Secretary of State Mike Pompeo met with President Trump on Wednesday to fine tune their strategy ahead of a dinner meeting with Gen. Kim Yong-chol, a North Korean diplomat. The dinner was part of a string of talks before the denuclearization summit. (ASSOCIATED PRESS)

President Trump[1] huddled with Secretary of State Mike Pompeo at the White House[2] on Wednesday to fine tune their strategy ahead of the top diplomat’s dinner meeting with Gen. Kim Yong-chol, the highest-ranking North Korean official to visit the U.S. in 18 years.

The dinner meeting in Manhattan was part of a string of talks taking place in New York, Panmunjom and Singapore to set up a likely June 12 summit between Mr. Trump[3] and North Korean dictator Kim Jong-un.

The denuclearization of North Korea[4] remains the focus of the negotiations and the impetus for the summit, said White House[5] press secretary Sarah Huckabee Sanders[6].

“That’s what these ongoing conversations taking place now will be centered on, as well as this summit that would take place in Singapore,” she said. “And we’re going to continue — as long as that is part of the discussion, we’re going to continue to shoot for the June 12th and expect to do that.”

Gen. Kim, vice chairman of North Korea[7]’s ruling central committee and a former spy master, arrived Wednesday in New York on an Air China flight from Beijing.

The dinner meeting with Mr. Pompeo was to be followed by a series of meeting Thursday.

Gen. Kim is the right hand man of Mr. Kim, and he is considered a key player in the pre-summit negotiations.

Mr. Pompeo has spearheaded work on the summit, including two trips to Pyongyang.

Further boosting expectations for the historic summit were positive reports from the U.S. team in Panmunjom, a town in the demilitarized zone (DMZ) between North and South Korea. The team has been hammering out the parameters for a deal in talks with high-level North Korean officials....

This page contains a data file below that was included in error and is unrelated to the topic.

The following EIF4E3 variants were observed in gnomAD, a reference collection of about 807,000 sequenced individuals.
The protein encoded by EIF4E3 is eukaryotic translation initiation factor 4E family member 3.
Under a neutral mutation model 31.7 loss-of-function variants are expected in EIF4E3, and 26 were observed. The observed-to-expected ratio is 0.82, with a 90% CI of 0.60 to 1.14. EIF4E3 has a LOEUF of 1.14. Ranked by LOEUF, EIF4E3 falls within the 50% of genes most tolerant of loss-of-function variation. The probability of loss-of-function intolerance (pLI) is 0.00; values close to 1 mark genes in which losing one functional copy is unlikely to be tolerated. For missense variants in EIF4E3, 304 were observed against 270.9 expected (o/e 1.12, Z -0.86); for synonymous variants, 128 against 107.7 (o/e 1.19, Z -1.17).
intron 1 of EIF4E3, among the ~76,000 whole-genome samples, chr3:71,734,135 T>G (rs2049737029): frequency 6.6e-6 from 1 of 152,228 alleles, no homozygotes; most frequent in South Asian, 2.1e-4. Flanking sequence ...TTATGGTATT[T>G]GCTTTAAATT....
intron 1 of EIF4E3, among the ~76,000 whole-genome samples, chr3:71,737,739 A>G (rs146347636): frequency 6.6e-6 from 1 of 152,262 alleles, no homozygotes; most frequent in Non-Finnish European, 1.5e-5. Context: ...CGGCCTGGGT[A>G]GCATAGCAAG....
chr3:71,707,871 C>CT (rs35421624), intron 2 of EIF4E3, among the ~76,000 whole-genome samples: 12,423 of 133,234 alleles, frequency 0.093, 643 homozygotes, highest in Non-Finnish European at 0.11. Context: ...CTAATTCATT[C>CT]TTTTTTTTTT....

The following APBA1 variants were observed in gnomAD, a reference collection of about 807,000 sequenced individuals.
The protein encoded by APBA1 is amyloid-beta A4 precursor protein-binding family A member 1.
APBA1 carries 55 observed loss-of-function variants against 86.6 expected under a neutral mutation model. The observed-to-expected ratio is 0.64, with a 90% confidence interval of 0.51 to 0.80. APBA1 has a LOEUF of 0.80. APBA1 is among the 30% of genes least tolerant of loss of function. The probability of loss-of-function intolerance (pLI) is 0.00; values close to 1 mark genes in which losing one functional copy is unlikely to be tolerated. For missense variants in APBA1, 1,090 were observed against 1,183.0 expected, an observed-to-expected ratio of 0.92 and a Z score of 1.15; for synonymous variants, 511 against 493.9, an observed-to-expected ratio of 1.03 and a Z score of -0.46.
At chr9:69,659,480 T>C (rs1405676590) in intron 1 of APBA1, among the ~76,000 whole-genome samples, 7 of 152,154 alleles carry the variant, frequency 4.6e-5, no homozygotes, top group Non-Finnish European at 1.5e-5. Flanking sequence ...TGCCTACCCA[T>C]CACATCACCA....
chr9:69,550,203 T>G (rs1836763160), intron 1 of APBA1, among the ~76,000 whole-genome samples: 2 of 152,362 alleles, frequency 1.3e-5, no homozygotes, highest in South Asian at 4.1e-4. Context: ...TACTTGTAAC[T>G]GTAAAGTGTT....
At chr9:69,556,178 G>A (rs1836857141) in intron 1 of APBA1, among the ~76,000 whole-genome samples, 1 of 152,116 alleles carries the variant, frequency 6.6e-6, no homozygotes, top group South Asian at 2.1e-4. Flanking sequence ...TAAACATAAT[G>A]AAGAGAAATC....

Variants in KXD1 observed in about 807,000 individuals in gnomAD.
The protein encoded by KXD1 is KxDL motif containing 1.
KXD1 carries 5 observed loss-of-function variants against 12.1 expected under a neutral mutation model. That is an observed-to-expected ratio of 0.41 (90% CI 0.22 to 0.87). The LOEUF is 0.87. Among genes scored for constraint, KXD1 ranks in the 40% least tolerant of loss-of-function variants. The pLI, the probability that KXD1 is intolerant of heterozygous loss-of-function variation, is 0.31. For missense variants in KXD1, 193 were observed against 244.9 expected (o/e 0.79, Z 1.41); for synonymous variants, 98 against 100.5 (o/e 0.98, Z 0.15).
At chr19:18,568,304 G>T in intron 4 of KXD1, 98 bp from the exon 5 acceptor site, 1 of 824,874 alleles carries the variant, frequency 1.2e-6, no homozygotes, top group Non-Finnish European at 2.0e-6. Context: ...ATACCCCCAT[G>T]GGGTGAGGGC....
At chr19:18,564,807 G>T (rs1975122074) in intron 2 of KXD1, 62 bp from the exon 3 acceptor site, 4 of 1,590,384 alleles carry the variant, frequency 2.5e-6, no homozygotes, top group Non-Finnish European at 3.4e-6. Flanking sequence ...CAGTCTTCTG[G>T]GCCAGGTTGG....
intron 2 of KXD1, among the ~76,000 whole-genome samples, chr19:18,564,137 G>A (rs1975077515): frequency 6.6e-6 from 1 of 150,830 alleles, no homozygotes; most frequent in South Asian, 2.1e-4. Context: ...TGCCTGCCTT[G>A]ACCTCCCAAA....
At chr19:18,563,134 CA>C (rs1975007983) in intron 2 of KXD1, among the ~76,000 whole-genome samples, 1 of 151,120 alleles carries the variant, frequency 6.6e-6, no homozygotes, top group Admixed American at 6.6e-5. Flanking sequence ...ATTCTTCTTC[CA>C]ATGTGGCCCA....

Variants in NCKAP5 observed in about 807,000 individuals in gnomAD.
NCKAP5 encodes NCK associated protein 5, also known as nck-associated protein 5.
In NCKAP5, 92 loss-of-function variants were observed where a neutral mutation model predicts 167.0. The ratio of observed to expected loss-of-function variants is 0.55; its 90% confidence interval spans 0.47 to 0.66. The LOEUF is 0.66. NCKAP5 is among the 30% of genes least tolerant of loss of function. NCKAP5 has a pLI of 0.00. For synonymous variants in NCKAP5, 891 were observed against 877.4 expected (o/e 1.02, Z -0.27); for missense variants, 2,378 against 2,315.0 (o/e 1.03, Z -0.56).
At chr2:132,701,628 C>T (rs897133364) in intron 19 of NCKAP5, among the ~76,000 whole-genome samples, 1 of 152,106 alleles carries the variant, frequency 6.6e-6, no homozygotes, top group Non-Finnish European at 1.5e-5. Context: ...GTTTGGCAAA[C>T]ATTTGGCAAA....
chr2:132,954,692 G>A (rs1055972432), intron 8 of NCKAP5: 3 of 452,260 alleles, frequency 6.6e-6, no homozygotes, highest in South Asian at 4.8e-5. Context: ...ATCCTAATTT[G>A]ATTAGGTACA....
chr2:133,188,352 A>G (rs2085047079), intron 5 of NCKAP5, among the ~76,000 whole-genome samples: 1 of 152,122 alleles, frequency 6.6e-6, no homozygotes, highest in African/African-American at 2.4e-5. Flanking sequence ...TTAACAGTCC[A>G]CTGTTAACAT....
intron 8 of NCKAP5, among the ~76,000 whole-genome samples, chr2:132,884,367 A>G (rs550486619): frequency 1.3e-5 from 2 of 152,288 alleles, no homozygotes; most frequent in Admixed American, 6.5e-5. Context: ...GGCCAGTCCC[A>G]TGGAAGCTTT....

“So far, the readout from these meetings has been positive, and we’ll continue to move forward in them,” said Mrs. Sanders[8].Despite the progress, the two sides remain far from a final deal.South Korea’s unification minister said a “huge” but not insurmountable gap remained between the U.S. and North Korea[9].“It won’t be easy to narrow this gap and coordinate with each other, but our judgment is that it’s not impossible. Our assessment is that they will reach a compromise,” unification minister Cho Myoung-gyon said in a statement carried by South Korea’s Yonhap News Agency.He said that compromise, in Seoul’s view, should be “a package deal on the North’s denuclearization and guarantees of regime security.”Mr. Trump[10] has previously tried to assure Mr. Kim in public comments that the U.S. will guarantee his safety as part of any agreement in which Pyongyang abandons its nuclear weapons and missile programs.The diplomacy and prep work for the summit have kicked into overdrive after Mr. Trump[11] last week sent Mr. Kim a letter that canceled the summit over what

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